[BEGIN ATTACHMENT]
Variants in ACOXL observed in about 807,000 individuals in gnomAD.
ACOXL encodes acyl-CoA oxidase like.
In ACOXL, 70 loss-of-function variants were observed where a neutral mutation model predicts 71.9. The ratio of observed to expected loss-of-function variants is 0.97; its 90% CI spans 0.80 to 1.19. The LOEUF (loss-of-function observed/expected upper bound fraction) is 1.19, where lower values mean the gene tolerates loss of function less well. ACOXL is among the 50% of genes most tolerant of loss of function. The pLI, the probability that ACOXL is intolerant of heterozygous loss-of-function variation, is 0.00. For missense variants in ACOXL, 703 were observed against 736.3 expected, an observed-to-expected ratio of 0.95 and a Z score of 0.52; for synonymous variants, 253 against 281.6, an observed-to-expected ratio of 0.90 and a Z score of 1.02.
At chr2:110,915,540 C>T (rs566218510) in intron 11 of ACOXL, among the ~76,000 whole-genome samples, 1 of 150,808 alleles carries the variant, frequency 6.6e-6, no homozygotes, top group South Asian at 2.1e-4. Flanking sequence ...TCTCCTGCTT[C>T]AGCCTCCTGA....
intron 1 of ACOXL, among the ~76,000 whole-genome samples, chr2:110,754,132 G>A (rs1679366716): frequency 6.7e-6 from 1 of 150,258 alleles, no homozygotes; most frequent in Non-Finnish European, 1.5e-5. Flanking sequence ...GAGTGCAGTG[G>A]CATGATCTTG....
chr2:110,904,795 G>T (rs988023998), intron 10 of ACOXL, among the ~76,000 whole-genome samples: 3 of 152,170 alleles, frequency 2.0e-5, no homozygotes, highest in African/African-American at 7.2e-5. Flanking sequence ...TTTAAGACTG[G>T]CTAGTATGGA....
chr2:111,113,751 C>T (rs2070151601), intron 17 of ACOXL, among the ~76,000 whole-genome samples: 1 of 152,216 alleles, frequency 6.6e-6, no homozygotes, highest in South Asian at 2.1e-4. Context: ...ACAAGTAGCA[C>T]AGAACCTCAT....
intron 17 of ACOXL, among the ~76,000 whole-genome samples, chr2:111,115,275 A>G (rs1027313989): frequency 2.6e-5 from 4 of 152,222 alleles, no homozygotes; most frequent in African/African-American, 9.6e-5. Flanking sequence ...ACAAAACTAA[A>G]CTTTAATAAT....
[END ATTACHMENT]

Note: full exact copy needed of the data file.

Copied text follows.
Variants in ACOXL observed in about 807,000 individuals in gnomAD.
ACOXL encodes acyl-CoA oxidase like.
In ACOXL, 70 loss-of-function variants were observed where a neutral mutation model predicts 71.9. The ratio of observed to expected loss-of-function variants is 0.97; its 90% CI spans 0.80 to 1.19. The LOEUF (loss-of-function observed/expected upper bound fraction) is 1.19, where lower values mean the gene tolerates loss of function less well. ACOXL is among the 50% of genes most tolerant of loss of function. The pLI, the probability that ACOXL is intolerant of heterozygous loss-of-function variation, is 0.00. For missense variants in ACOXL, 703 were observed against 736.3 expected, an observed-to-expected ratio of 0.95 and a Z score of 0.52; for synonymous variants, 253 against 281.6, an observed-to-expected ratio of 0.90 and a Z score of 1.02.
At chr2:110,915,540 C>T (rs566218510) in intron 11 of ACOXL, among the ~76,000 whole-genome samples, 1 of 150,808 alleles carries the variant, frequency 6.6e-6, no homozygotes, top group South Asian at 2.1e-4. Flanking sequence ...TCTCCTGCTT[C>T]AGCCTCCTGA....
intron 1 of ACOXL, among the ~76,000 whole-genome samples, chr2:110,754,132 G>A (rs1679366716): frequency 6.7e-6 from 1 of 150,258 alleles, no homozygotes; most frequent in Non-Finnish European, 1.5e-5. Flanking sequence ...GAGTGCAGTG[G>A]CATGATCTTG....
chr2:110,904,795 G>T (rs988023998), intron 10 of ACOXL, among the ~76,000 whole-genome samples: 3 of 152,170 alleles, frequency 2.0e-5, no homozygotes, highest in African/African-American at 7.2e-5. Flanking sequence ...TTTAAGACTG[G>T]CTAGTATGGA....
chr2:111,113,751 C>T (rs2070151601), intron 17 of ACOXL, among the ~76,000 whole-genome samples: 1 of 152,216 alleles, frequency 6.6e-6, no homozygotes, highest in South Asian at 2.1e-4. Context: ...ACAAGTAGCA[C>T]AGAACCTCAT....
intron 17 of ACOXL, among the ~76,000 whole-genome samples, chr2:111,115,275 A>G (rs1027313989): frequency 2.6e-5 from 4 of 152,222 alleles, no homozygotes; most frequent in African/African-American, 9.6e-5. Flanking sequence ...ACAAAACTAA[A>G]CTTTAATAAT....